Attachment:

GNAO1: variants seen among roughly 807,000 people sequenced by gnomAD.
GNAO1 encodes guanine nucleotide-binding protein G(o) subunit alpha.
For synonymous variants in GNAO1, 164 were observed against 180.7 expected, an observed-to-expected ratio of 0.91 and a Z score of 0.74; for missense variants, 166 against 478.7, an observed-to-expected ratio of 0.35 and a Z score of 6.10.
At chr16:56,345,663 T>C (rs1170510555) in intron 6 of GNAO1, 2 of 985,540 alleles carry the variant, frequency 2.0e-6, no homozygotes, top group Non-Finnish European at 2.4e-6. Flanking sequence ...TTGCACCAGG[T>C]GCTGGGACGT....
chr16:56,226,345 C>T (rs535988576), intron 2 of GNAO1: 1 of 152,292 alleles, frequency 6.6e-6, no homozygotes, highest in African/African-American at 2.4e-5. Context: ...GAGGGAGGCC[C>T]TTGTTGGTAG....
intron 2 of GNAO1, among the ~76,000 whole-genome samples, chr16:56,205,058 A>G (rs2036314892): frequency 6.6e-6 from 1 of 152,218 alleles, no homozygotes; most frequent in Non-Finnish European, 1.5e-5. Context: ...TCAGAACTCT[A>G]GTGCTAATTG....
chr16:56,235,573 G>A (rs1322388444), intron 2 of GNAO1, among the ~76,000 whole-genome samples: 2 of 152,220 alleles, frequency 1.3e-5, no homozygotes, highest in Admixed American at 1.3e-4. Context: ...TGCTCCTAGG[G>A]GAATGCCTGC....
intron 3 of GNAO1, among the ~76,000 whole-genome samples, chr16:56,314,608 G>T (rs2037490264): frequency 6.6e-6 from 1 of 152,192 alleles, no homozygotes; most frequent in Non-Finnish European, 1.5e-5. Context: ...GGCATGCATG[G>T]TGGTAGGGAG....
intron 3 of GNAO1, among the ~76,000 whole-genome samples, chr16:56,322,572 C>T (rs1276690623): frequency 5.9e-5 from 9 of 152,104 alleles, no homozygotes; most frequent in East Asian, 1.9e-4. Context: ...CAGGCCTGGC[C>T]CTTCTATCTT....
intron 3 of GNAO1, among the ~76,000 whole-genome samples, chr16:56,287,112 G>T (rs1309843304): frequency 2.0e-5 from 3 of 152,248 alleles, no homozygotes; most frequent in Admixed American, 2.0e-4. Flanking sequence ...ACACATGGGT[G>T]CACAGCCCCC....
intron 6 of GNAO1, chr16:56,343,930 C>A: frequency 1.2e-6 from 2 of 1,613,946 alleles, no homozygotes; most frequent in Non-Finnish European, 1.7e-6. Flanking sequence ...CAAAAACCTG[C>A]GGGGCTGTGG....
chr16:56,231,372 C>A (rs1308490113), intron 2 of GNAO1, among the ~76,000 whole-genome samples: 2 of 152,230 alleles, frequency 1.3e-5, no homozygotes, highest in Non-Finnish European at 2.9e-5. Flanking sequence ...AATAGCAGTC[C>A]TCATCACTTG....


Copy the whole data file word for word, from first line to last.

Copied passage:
GNAO1: variants seen among roughly 807,000 people sequenced by gnomAD.
GNAO1 encodes guanine nucleotide-binding protein G(o) subunit alpha.
For synonymous variants in GNAO1, 164 were observed against 180.7 expected, an observed-to-expected ratio of 0.91 and a Z score of 0.74; for missense variants, 166 against 478.7, an observed-to-expected ratio of 0.35 and a Z score of 6.10.
At chr16:56,345,663 T>C (rs1170510555) in intron 6 of GNAO1, 2 of 985,540 alleles carry the variant, frequency 2.0e-6, no homozygotes, top group Non-Finnish European at 2.4e-6. Flanking sequence ...TTGCACCAGG[T>C]GCTGGGACGT....
chr16:56,226,345 C>T (rs535988576), intron 2 of GNAO1: 1 of 152,292 alleles, frequency 6.6e-6, no homozygotes, highest in African/African-American at 2.4e-5. Context: ...GAGGGAGGCC[C>T]TTGTTGGTAG....
intron 2 of GNAO1, among the ~76,000 whole-genome samples, chr16:56,205,058 A>G (rs2036314892): frequency 6.6e-6 from 1 of 152,218 alleles, no homozygotes; most frequent in Non-Finnish European, 1.5e-5. Context: ...TCAGAACTCT[A>G]GTGCTAATTG....
chr16:56,235,573 G>A (rs1322388444), intron 2 of GNAO1, among the ~76,000 whole-genome samples: 2 of 152,220 alleles, frequency 1.3e-5, no homozygotes, highest in Admixed American at 1.3e-4. Context: ...TGCTCCTAGG[G>A]GAATGCCTGC....
intron 3 of GNAO1, among the ~76,000 whole-genome samples, chr16:56,314,608 G>T (rs2037490264): frequency 6.6e-6 from 1 of 152,192 alleles, no homozygotes; most frequent in Non-Finnish European, 1.5e-5. Context: ...GGCATGCATG[G>T]TGGTAGGGAG....
intron 3 of GNAO1, among the ~76,000 whole-genome samples, chr16:56,322,572 C>T (rs1276690623): frequency 5.9e-5 from 9 of 152,104 alleles, no homozygotes; most frequent in East Asian, 1.9e-4. Context: ...CAGGCCTGGC[C>T]CTTCTATCTT....
intron 3 of GNAO1, among the ~76,000 whole-genome samples, chr16:56,287,112 G>T (rs1309843304): frequency 2.0e-5 from 3 of 152,248 alleles, no homozygotes; most frequent in Admixed American, 2.0e-4. Flanking sequence ...ACACATGGGT[G>T]CACAGCCCCC....
intron 6 of GNAO1, chr16:56,343,930 C>A: frequency 1.2e-6 from 2 of 1,613,946 alleles, no homozygotes; most frequent in Non-Finnish European, 1.7e-6. Flanking sequence ...CAAAAACCTG[C>A]GGGGCTGTGG....
chr16:56,231,372 C>A (rs1308490113), intron 2 of GNAO1, among the ~76,000 whole-genome samples: 2 of 152,230 alleles, frequency 1.3e-5, no homozygotes, highest in Non-Finnish European at 2.9e-5. Flanking sequence ...AATAGCAGTC[C>A]TCATCACTTG....